Getting in an accident can be physically, mentally, and emotionally damaging. This negative experience can have long-term financial and health-related implications.
Fortunately, there are some things you can do to promote healing in your body and mind. Here are six tips for restoring your health after an accident.
Work with Medical Professionals
Your first stop after an accident should be at a doctor’s office or emergency care center. Even if you feel fine and have no visible injuries or tend to handle your health at home, this is an important step in the process. Seeking immediate medical attention flags any hidden injuries (like internal bleeding) and creates a record of events for later reference.
While sitting in a waiting room may be the last thing you want to do, this time can be advantageous. When you initially experience trauma, your body takes over and pumps adrenaline into your system. It takes a while for that stress response to settle down so you can start to feel the aches and pains associated with your accident.
Explore Your Compensation Options
Stress is a silent killer, and accident victims are no stranger to financial stress. Unfortunately, increased levels of stress can inhibit the healing process. Furthermore, worries about finances can prevent accident victims from getting the rehabilitative help they need.
Take some time to explore your compensation options. Many victims aren’t aware of the wide variety of options that exist. For example, someone who gets in an accident while using public transportation is just as entitled to compensation as someone driving a car. If another driver’s insurance company says they aren’t paying, the story doesn’t have to end there.
Take time to review your options and speak to a personal injury attorney to ensure you have the resources you need to recover.
Get Lots of Rest
Our bodies do incredible things while we sleep. One of the best things you can do following an accident is to get some good rest to promote healing processes within the body. This is especially important for injuries like whiplash, as sleep is an integral part of the muscle tissue repair process.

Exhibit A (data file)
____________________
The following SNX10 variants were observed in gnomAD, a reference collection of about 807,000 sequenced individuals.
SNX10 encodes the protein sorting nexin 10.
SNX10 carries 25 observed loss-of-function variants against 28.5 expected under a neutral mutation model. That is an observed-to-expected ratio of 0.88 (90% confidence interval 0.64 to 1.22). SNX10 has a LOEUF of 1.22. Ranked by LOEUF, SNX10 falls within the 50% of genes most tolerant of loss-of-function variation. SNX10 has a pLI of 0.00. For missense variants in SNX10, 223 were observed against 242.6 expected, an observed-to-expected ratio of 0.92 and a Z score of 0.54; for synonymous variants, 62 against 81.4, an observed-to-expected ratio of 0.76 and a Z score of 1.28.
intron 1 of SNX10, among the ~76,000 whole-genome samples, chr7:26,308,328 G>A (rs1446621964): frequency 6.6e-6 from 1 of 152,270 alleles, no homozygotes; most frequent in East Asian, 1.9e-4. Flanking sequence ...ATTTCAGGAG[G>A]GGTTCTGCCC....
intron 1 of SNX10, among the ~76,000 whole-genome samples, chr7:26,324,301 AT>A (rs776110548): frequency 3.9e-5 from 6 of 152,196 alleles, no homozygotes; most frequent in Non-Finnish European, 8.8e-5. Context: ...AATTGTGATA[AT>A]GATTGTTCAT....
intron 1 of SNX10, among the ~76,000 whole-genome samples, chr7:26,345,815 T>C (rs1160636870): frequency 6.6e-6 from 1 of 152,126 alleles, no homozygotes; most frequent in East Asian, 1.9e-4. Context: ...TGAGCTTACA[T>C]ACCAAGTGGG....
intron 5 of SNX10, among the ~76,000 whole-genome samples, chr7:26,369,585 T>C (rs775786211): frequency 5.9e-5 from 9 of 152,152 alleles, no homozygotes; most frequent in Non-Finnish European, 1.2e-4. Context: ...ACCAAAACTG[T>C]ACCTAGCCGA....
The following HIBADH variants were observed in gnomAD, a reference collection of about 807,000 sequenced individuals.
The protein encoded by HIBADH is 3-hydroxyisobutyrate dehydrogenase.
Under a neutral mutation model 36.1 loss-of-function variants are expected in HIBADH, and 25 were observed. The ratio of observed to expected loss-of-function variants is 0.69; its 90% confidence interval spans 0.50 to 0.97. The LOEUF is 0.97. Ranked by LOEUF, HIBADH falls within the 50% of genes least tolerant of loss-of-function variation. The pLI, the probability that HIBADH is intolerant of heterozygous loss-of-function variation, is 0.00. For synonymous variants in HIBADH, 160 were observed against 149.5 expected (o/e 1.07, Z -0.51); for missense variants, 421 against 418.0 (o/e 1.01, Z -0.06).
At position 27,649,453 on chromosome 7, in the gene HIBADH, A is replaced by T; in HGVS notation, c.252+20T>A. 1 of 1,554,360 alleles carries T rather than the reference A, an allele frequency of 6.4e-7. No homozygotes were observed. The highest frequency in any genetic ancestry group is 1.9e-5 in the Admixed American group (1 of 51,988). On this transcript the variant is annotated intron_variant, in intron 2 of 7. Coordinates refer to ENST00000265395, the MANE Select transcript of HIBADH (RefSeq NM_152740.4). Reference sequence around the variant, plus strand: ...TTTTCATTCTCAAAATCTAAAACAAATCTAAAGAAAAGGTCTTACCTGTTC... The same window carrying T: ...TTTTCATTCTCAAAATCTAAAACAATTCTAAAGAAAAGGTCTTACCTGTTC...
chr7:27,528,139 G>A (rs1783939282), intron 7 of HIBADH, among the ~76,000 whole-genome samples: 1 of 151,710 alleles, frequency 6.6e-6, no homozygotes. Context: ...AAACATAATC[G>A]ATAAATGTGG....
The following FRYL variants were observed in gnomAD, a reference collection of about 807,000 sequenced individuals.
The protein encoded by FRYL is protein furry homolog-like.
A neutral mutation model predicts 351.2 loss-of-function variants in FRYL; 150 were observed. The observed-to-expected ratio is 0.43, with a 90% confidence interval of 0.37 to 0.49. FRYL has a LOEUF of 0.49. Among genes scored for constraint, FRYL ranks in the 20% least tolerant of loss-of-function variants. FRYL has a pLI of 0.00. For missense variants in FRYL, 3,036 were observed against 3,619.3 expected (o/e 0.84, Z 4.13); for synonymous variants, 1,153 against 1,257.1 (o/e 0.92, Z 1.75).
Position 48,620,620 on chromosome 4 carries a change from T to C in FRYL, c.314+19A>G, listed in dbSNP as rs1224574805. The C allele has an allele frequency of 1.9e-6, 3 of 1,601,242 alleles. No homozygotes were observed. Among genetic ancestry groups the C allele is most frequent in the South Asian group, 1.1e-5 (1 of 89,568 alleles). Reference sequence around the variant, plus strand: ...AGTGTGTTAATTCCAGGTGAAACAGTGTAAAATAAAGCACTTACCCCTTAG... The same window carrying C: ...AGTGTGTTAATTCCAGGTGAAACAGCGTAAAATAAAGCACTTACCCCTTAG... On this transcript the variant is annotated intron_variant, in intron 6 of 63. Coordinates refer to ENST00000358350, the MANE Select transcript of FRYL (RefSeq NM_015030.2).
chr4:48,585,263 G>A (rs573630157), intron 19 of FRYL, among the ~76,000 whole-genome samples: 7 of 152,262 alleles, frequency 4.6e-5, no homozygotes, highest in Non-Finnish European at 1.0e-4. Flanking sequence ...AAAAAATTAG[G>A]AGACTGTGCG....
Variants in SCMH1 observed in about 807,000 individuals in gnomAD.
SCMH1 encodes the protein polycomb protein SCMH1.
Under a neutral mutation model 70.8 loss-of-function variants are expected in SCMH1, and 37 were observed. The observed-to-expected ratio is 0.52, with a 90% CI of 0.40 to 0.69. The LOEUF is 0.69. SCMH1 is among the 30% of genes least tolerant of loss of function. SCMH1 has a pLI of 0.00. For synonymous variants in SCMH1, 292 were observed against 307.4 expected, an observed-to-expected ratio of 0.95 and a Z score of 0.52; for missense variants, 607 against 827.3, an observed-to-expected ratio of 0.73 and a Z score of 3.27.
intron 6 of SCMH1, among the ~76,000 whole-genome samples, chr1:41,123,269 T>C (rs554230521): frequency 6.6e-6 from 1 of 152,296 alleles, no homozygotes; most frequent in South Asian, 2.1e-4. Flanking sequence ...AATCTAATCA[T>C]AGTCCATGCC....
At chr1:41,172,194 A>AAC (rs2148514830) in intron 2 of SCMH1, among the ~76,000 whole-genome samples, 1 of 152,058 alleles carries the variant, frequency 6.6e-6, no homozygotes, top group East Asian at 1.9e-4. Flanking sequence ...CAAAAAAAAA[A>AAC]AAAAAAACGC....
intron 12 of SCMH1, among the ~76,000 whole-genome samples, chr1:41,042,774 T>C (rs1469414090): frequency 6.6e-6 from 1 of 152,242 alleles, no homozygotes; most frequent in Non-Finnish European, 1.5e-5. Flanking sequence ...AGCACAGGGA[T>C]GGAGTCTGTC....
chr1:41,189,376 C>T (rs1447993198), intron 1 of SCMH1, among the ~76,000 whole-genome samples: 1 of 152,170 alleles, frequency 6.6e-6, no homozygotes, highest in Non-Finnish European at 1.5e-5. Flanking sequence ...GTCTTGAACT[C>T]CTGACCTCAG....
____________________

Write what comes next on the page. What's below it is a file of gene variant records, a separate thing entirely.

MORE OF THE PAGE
Use Movement to Your Advantage
While rest is vital for recovery, that doesn’t mean you should stay completely still for weeks on end (unless your doctor tells you to). Light exercises that are within the scope of your body’s needs can help the healing process, keeping the muscles from getting to tense and moving blood around the body.
Be sure to listen to your body and limit yourself as you move. Go for short walks and do some light stretching under the supervision of a medical professional.
Prioritize Your Mental Health
As accidents are a traumatic experience, they can have lasting emotional and mental effects. It’s not uncommon to experience mood swings, disturbing thoughts, and memory loss after an accident takes place. However, if that behavior escalates or intensifies over time, there’s a problem.
Keep an eye on your mental health in the days and weeks following the accident. Don’t hesitate to reach out to someone you trust to talk about your feelings and experience. Practice self-care and give yourself time to process the events that transpired.
Remember to Hydrate
One of the lesser-known impacts of going into shock is dehydration. When your adrenaline kicks in, you breathe heavier and faster, which causes you to lose water through your breath. You may also sweat more in response to the accident and the stress immediately afterward. Additionally, you’ll likely forget the simple task of drinking water as you deal with the situation.
Dehydration will hinder the healing process and make you feel worse. Be sure to sip water throughout the day and set a goal of replenishing your fluids. Switch to coconut water to reintroduce electrolytes into your body as well.
With these six areas of focus and a bit of time, you can promote healing after a traumatic accident.